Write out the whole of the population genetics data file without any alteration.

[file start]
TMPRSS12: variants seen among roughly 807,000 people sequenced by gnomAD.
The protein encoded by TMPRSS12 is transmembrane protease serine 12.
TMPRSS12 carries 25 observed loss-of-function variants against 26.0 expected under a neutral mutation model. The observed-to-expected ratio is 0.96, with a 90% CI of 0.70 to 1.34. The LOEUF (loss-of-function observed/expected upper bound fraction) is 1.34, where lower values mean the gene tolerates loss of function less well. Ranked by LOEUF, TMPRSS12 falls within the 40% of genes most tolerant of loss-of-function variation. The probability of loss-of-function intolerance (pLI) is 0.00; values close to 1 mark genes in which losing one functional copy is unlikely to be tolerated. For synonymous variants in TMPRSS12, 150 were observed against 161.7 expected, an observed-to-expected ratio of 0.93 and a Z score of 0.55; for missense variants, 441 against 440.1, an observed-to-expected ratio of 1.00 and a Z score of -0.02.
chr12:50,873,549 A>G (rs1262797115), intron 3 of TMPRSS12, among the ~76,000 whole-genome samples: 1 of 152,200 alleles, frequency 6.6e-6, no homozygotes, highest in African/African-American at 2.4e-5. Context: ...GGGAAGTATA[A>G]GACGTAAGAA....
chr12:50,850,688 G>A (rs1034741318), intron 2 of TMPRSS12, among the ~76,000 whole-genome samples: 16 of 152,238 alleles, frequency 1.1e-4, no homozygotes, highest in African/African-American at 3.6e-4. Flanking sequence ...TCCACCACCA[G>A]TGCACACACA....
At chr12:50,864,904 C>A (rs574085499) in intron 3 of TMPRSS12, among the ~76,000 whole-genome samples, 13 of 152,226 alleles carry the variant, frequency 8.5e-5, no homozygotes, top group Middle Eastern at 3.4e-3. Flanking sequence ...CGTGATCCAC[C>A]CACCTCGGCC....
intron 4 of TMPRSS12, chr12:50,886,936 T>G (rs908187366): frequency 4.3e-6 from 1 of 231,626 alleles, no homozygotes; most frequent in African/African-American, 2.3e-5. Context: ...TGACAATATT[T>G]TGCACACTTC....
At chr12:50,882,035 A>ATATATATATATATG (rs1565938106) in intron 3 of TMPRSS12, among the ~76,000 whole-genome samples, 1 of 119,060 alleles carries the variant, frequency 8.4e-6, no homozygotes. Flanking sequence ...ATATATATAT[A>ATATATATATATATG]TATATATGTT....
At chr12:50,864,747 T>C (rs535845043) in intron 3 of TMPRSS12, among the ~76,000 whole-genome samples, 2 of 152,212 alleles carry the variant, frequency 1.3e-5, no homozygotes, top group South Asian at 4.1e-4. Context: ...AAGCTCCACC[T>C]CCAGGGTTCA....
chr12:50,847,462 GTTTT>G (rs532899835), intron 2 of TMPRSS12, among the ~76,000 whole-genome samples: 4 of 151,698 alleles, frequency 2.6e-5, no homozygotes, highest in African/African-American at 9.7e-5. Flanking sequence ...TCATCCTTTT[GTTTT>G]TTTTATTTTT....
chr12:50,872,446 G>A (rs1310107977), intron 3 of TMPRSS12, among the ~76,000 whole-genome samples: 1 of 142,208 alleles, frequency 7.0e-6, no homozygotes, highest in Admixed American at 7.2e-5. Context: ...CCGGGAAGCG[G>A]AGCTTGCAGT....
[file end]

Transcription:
TMPRSS12: variants seen among roughly 807,000 people sequenced by gnomAD.
The protein encoded by TMPRSS12 is transmembrane protease serine 12.
TMPRSS12 carries 25 observed loss-of-function variants against 26.0 expected under a neutral mutation model. The observed-to-expected ratio is 0.96, with a 90% CI of 0.70 to 1.34. The LOEUF (loss-of-function observed/expected upper bound fraction) is 1.34, where lower values mean the gene tolerates loss of function less well. Ranked by LOEUF, TMPRSS12 falls within the 40% of genes most tolerant of loss-of-function variation. The probability of loss-of-function intolerance (pLI) is 0.00; values close to 1 mark genes in which losing one functional copy is unlikely to be tolerated. For synonymous variants in TMPRSS12, 150 were observed against 161.7 expected, an observed-to-expected ratio of 0.93 and a Z score of 0.55; for missense variants, 441 against 440.1, an observed-to-expected ratio of 1.00 and a Z score of -0.02.
chr12:50,873,549 A>G (rs1262797115), intron 3 of TMPRSS12, among the ~76,000 whole-genome samples: 1 of 152,200 alleles, frequency 6.6e-6, no homozygotes, highest in African/African-American at 2.4e-5. Context: ...GGGAAGTATA[A>G]GACGTAAGAA....
chr12:50,850,688 G>A (rs1034741318), intron 2 of TMPRSS12, among the ~76,000 whole-genome samples: 16 of 152,238 alleles, frequency 1.1e-4, no homozygotes, highest in African/African-American at 3.6e-4. Flanking sequence ...TCCACCACCA[G>A]TGCACACACA....
At chr12:50,864,904 C>A (rs574085499) in intron 3 of TMPRSS12, among the ~76,000 whole-genome samples, 13 of 152,226 alleles carry the variant, frequency 8.5e-5, no homozygotes, top group Middle Eastern at 3.4e-3. Flanking sequence ...CGTGATCCAC[C>A]CACCTCGGCC....
intron 4 of TMPRSS12, chr12:50,886,936 T>G (rs908187366): frequency 4.3e-6 from 1 of 231,626 alleles, no homozygotes; most frequent in African/African-American, 2.3e-5. Context: ...TGACAATATT[T>G]TGCACACTTC....
At chr12:50,882,035 A>ATATATATATATATG (rs1565938106) in intron 3 of TMPRSS12, among the ~76,000 whole-genome samples, 1 of 119,060 alleles carries the variant, frequency 8.4e-6, no homozygotes. Flanking sequence ...ATATATATAT[A>ATATATATATATATG]TATATATGTT....
At chr12:50,864,747 T>C (rs535845043) in intron 3 of TMPRSS12, among the ~76,000 whole-genome samples, 2 of 152,212 alleles carry the variant, frequency 1.3e-5, no homozygotes, top group South Asian at 4.1e-4. Context: ...AAGCTCCACC[T>C]CCAGGGTTCA....
chr12:50,847,462 GTTTT>G (rs532899835), intron 2 of TMPRSS12, among the ~76,000 whole-genome samples: 4 of 151,698 alleles, frequency 2.6e-5, no homozygotes, highest in African/African-American at 9.7e-5. Flanking sequence ...TCATCCTTTT[GTTTT>G]TTTTATTTTT....
chr12:50,872,446 G>A (rs1310107977), intron 3 of TMPRSS12, among the ~76,000 whole-genome samples: 1 of 142,208 alleles, frequency 7.0e-6, no homozygotes, highest in Admixed American at 7.2e-5. Context: ...CCGGGAAGCG[G>A]AGCTTGCAGT....